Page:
There is nothing inherently good or righteous about “competition”. This is an American capitalist construct, used as a kind of magic wand to justify countless serious abuses and social policy violations, and as a propaganda tool to control a debate by focusing on a widely-promulgated but false premise. Competition is not a goal. It is not a value. It is not an absolute. It is not a religion. It is nothing. There is no magic in competition, and it is only the Americans who dictate their commercial agenda in these terms. The American corporate bible tells us that competition produces a world of socially-beneficial wonders, but there is no evidence whatever that it does any such thing. American capitalism as it manifests itself today is a pathology belonging to the morally and mentally defective, and should have no place in a world of human beings. The entire concept of American competition needs to be examined without its shroud of religious propaganda and consigned to the garbage can of commercial history where it belongs.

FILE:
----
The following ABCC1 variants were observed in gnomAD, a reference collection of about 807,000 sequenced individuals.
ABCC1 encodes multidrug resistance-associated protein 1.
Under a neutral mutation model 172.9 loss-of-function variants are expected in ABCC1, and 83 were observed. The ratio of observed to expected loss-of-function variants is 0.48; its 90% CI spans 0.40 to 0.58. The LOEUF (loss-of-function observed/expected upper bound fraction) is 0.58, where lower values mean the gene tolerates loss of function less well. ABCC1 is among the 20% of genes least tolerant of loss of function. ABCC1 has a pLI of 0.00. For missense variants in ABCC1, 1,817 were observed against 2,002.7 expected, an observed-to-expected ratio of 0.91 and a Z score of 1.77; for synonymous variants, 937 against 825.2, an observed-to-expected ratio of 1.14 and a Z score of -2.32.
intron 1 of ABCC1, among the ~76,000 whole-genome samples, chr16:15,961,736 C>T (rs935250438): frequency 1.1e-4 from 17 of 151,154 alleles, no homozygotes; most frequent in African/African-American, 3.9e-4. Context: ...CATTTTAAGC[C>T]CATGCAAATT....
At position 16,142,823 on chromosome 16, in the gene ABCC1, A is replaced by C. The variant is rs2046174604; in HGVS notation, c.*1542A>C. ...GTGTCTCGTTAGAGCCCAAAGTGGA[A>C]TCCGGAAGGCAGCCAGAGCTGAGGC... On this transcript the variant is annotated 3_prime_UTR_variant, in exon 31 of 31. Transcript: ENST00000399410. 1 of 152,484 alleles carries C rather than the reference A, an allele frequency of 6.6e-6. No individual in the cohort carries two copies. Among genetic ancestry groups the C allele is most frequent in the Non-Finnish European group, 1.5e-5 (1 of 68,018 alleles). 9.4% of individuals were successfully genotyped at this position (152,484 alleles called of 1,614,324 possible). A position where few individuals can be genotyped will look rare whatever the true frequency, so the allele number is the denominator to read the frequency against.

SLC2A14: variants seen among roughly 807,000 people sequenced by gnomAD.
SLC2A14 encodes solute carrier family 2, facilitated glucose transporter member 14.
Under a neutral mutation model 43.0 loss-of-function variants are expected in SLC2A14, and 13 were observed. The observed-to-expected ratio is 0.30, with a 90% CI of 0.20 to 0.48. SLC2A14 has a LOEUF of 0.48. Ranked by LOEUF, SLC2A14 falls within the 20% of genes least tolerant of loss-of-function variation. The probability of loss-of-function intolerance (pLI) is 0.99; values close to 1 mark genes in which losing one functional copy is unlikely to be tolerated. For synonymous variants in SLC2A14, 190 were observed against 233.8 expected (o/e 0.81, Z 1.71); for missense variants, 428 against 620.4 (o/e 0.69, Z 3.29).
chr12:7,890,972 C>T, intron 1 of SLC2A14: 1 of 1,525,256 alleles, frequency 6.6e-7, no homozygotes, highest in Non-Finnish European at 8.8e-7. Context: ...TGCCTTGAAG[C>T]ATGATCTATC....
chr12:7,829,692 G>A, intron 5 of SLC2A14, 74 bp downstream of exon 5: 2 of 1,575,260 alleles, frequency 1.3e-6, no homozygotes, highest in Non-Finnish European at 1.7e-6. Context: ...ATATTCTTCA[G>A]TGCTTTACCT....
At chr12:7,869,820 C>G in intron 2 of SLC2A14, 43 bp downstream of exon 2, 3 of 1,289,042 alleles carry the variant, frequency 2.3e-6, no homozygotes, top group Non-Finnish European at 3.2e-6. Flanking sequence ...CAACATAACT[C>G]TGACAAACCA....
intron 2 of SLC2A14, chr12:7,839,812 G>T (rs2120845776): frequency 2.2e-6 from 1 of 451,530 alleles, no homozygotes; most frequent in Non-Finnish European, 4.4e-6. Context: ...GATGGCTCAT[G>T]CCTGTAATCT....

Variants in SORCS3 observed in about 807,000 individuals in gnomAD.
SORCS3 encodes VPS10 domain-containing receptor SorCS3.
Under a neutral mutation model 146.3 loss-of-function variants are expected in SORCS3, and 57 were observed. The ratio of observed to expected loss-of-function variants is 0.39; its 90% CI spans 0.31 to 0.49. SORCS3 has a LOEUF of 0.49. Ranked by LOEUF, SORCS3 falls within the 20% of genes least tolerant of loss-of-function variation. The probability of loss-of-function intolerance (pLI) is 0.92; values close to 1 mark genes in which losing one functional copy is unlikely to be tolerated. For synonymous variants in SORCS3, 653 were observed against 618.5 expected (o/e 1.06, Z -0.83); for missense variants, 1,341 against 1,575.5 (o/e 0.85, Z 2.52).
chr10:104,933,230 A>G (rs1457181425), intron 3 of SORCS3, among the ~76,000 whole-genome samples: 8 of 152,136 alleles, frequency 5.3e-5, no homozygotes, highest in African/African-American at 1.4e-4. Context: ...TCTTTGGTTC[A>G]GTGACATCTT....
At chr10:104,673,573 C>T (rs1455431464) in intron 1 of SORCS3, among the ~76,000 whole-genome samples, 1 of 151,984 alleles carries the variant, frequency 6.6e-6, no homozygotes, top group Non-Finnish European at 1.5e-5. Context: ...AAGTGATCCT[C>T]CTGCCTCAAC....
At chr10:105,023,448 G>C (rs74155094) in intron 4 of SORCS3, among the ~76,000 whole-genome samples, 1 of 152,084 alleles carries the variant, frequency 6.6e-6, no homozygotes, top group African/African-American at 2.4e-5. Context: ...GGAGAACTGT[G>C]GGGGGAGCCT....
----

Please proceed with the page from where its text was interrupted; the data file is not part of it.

Americans go to great lengths to proselytise the necessity of competition but would be sorely pressed to provide cases where the American style proved in any way beneficial to anyone but the few corporations in that market. And for every one of these they could produce, we could find hundreds of illustrations of the opposite. In another article, we will examine the US healthcare market which is virtually 100% privately-owned and with no restrictions on competition, and search vainly for the benefits. A healthcare system that is by far the world’s most expensive and yet provides the lowest level of care of every civilised nation, with the highest rates of medical malpractice, but with hugely profitable hospitals. With all this the competition in US healthcare, why is the system the most expensive and with the lowest standard of care in the civilised world? We will also soon see that the American educational system is not better and is becoming worse each year, providing increasingly lower education at increasingly higher prices and increasingly filling the pockets of the lucky few in the top 1%. With all this so-called competition emerging in the US educational market, why isn’t the system adhering to American competition theory and improving the quality of American education? God knows the US needs it. We will search vainly for the benefits of competition in these systems in the US, and discover there are none.